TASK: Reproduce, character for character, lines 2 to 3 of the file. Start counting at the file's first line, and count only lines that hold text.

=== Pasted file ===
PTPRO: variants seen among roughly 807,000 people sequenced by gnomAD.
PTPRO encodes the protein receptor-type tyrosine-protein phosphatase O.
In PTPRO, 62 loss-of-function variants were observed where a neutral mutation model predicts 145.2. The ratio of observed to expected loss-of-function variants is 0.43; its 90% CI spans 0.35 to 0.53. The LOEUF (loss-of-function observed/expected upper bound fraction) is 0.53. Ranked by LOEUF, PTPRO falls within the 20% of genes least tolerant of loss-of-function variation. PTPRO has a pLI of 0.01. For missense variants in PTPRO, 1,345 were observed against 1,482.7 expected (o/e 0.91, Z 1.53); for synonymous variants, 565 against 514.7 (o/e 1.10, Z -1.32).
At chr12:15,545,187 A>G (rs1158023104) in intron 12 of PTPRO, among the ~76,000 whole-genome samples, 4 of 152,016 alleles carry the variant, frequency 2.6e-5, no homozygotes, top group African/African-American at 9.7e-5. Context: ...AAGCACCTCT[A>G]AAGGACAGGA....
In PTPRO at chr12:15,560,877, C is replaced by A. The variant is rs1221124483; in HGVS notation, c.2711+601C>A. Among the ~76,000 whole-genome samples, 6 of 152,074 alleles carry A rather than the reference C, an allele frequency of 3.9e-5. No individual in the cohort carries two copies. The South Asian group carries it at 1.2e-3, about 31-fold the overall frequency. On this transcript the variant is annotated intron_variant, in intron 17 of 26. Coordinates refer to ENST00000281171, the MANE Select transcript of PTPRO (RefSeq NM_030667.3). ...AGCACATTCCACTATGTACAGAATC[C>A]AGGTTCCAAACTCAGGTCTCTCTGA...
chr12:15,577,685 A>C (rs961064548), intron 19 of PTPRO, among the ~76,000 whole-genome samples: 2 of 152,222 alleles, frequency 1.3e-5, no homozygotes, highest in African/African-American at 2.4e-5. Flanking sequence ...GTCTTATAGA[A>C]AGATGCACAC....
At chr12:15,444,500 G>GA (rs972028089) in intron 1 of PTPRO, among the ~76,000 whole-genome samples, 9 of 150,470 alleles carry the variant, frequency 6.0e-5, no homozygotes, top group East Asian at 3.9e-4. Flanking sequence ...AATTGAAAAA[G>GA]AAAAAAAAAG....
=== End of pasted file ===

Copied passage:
PTPRO encodes the protein receptor-type tyrosine-protein phosphatase O.
In PTPRO, 62 loss-of-function variants were observed where a neutral mutation model predicts 145.2. The ratio of observed to expected loss-of-function variants is 0.43; its 90% CI spans 0.35 to 0.53. The LOEUF (loss-of-function observed/expected upper bound fraction) is 0.53. Ranked by LOEUF, PTPRO falls within the 20% of genes least tolerant of loss-of-function variation. PTPRO has a pLI of 0.01. For missense variants in PTPRO, 1,345 were observed against 1,482.7 expected (o/e 0.91, Z 1.53); for synonymous variants, 565 against 514.7 (o/e 1.10, Z -1.32).